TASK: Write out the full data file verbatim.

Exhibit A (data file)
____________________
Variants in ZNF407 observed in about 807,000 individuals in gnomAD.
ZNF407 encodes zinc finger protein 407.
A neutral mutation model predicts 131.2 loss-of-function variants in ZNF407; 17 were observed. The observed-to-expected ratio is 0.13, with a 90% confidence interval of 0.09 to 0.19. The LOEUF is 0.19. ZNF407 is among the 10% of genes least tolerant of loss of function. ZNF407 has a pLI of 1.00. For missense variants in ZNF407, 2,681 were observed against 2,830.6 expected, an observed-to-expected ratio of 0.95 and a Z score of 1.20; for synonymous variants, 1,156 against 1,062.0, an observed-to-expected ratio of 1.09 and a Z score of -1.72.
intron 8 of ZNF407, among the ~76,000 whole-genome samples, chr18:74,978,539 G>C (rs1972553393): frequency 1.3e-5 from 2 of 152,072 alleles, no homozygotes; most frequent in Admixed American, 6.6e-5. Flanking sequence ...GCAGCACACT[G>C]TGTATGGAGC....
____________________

Variants in ZNF407 observed in about 807,000 individuals in gnomAD.
ZNF407 encodes zinc finger protein 407.
A neutral mutation model predicts 131.2 loss-of-function variants in ZNF407; 17 were observed. The observed-to-expected ratio is 0.13, with a 90% confidence interval of 0.09 to 0.19. The LOEUF is 0.19. ZNF407 is among the 10% of genes least tolerant of loss of function. ZNF407 has a pLI of 1.00. For missense variants in ZNF407, 2,681 were observed against 2,830.6 expected, an observed-to-expected ratio of 0.95 and a Z score of 1.20; for synonymous variants, 1,156 against 1,062.0, an observed-to-expected ratio of 1.09 and a Z score of -1.72.
intron 8 of ZNF407, among the ~76,000 whole-genome samples, chr18:74,978,539 G>C (rs1972553393): frequency 1.3e-5 from 2 of 152,072 alleles, no homozygotes; most frequent in Admixed American, 6.6e-5. Flanking sequence ...GCAGCACACT[G>C]TGTATGGAGC....